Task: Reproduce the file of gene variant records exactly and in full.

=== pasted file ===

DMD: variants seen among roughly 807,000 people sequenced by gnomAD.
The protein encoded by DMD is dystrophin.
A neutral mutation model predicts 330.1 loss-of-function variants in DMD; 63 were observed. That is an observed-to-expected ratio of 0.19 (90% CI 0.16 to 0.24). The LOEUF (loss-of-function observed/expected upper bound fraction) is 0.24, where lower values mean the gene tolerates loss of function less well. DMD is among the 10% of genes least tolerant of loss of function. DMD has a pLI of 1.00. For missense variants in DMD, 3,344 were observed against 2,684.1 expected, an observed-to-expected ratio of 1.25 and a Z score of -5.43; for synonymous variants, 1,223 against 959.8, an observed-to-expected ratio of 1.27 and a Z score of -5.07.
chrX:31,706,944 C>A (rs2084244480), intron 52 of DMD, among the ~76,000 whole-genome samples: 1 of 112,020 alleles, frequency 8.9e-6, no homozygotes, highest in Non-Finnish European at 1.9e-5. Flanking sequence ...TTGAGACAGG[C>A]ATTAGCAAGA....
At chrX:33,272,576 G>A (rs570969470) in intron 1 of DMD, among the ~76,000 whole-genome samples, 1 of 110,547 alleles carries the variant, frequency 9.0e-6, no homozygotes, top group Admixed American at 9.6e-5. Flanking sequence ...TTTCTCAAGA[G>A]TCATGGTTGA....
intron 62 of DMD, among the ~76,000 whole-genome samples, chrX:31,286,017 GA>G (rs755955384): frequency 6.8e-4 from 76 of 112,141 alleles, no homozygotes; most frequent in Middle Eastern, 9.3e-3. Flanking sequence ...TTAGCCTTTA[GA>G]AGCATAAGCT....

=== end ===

DMD: variants seen among roughly 807,000 people sequenced by gnomAD.
The protein encoded by DMD is dystrophin.
A neutral mutation model predicts 330.1 loss-of-function variants in DMD; 63 were observed. That is an observed-to-expected ratio of 0.19 (90% CI 0.16 to 0.24). The LOEUF (loss-of-function observed/expected upper bound fraction) is 0.24, where lower values mean the gene tolerates loss of function less well. DMD is among the 10% of genes least tolerant of loss of function. DMD has a pLI of 1.00. For missense variants in DMD, 3,344 were observed against 2,684.1 expected, an observed-to-expected ratio of 1.25 and a Z score of -5.43; for synonymous variants, 1,223 against 959.8, an observed-to-expected ratio of 1.27 and a Z score of -5.07.
chrX:31,706,944 C>A (rs2084244480), intron 52 of DMD, among the ~76,000 whole-genome samples: 1 of 112,020 alleles, frequency 8.9e-6, no homozygotes, highest in Non-Finnish European at 1.9e-5. Flanking sequence ...TTGAGACAGG[C>A]ATTAGCAAGA....
At chrX:33,272,576 G>A (rs570969470) in intron 1 of DMD, among the ~76,000 whole-genome samples, 1 of 110,547 alleles carries the variant, frequency 9.0e-6, no homozygotes, top group Admixed American at 9.6e-5. Flanking sequence ...TTTCTCAAGA[G>A]TCATGGTTGA....
intron 62 of DMD, among the ~76,000 whole-genome samples, chrX:31,286,017 GA>G (rs755955384): frequency 6.8e-4 from 76 of 112,141 alleles, no homozygotes; most frequent in Middle Eastern, 9.3e-3. Flanking sequence ...TTAGCCTTTA[GA>G]AGCATAAGCT....